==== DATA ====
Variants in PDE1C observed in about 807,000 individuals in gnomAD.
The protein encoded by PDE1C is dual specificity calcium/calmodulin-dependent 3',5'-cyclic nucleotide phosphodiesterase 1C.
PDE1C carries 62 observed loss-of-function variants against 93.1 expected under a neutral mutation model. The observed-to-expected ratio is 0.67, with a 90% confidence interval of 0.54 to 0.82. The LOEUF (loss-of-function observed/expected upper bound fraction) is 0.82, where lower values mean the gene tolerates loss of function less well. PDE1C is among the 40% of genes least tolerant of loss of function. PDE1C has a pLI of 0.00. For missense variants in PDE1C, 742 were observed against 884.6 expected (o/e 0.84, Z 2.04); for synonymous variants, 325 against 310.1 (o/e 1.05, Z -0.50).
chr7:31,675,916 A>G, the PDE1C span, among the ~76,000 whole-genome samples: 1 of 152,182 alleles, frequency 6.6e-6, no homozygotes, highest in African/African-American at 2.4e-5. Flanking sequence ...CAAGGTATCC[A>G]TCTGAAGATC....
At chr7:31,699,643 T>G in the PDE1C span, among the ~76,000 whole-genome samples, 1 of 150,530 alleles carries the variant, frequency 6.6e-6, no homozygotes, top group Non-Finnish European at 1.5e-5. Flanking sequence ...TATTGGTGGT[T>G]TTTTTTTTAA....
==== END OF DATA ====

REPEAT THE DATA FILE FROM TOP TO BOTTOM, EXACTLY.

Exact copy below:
Variants in PDE1C observed in about 807,000 individuals in gnomAD.
The protein encoded by PDE1C is dual specificity calcium/calmodulin-dependent 3',5'-cyclic nucleotide phosphodiesterase 1C.
PDE1C carries 62 observed loss-of-function variants against 93.1 expected under a neutral mutation model. The observed-to-expected ratio is 0.67, with a 90% confidence interval of 0.54 to 0.82. The LOEUF (loss-of-function observed/expected upper bound fraction) is 0.82, where lower values mean the gene tolerates loss of function less well. PDE1C is among the 40% of genes least tolerant of loss of function. PDE1C has a pLI of 0.00. For missense variants in PDE1C, 742 were observed against 884.6 expected (o/e 0.84, Z 2.04); for synonymous variants, 325 against 310.1 (o/e 1.05, Z -0.50).
chr7:31,675,916 A>G, the PDE1C span, among the ~76,000 whole-genome samples: 1 of 152,182 alleles, frequency 6.6e-6, no homozygotes, highest in African/African-American at 2.4e-5. Flanking sequence ...CAAGGTATCC[A>G]TCTGAAGATC....
At chr7:31,699,643 T>G in the PDE1C span, among the ~76,000 whole-genome samples, 1 of 150,530 alleles carries the variant, frequency 6.6e-6, no homozygotes, top group Non-Finnish European at 1.5e-5. Flanking sequence ...TATTGGTGGT[T>G]TTTTTTTTAA....